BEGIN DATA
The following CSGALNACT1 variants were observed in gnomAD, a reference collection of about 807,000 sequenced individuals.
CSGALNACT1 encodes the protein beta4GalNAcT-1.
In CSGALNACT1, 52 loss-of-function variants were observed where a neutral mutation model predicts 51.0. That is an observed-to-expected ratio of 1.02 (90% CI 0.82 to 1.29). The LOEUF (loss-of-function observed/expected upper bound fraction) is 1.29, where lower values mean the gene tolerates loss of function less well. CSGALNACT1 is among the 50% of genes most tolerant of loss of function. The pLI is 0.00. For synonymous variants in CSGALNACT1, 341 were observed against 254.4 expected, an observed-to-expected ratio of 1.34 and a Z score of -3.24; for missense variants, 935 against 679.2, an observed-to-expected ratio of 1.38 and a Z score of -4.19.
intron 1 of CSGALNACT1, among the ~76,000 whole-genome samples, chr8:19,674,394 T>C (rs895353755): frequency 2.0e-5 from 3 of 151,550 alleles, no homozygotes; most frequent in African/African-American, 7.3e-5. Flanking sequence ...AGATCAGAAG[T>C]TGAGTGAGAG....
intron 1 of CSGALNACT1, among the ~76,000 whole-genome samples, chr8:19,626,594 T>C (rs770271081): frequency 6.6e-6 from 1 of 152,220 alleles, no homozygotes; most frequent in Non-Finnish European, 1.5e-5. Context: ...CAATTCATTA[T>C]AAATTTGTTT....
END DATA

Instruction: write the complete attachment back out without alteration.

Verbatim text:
The following CSGALNACT1 variants were observed in gnomAD, a reference collection of about 807,000 sequenced individuals.
CSGALNACT1 encodes the protein beta4GalNAcT-1.
In CSGALNACT1, 52 loss-of-function variants were observed where a neutral mutation model predicts 51.0. That is an observed-to-expected ratio of 1.02 (90% CI 0.82 to 1.29). The LOEUF (loss-of-function observed/expected upper bound fraction) is 1.29, where lower values mean the gene tolerates loss of function less well. CSGALNACT1 is among the 50% of genes most tolerant of loss of function. The pLI is 0.00. For synonymous variants in CSGALNACT1, 341 were observed against 254.4 expected, an observed-to-expected ratio of 1.34 and a Z score of -3.24; for missense variants, 935 against 679.2, an observed-to-expected ratio of 1.38 and a Z score of -4.19.
intron 1 of CSGALNACT1, among the ~76,000 whole-genome samples, chr8:19,674,394 T>C (rs895353755): frequency 2.0e-5 from 3 of 151,550 alleles, no homozygotes; most frequent in African/African-American, 7.3e-5. Flanking sequence ...AGATCAGAAG[T>C]TGAGTGAGAG....
intron 1 of CSGALNACT1, among the ~76,000 whole-genome samples, chr8:19,626,594 T>C (rs770271081): frequency 6.6e-6 from 1 of 152,220 alleles, no homozygotes; most frequent in Non-Finnish European, 1.5e-5. Context: ...CAATTCATTA[T>C]AAATTTGTTT....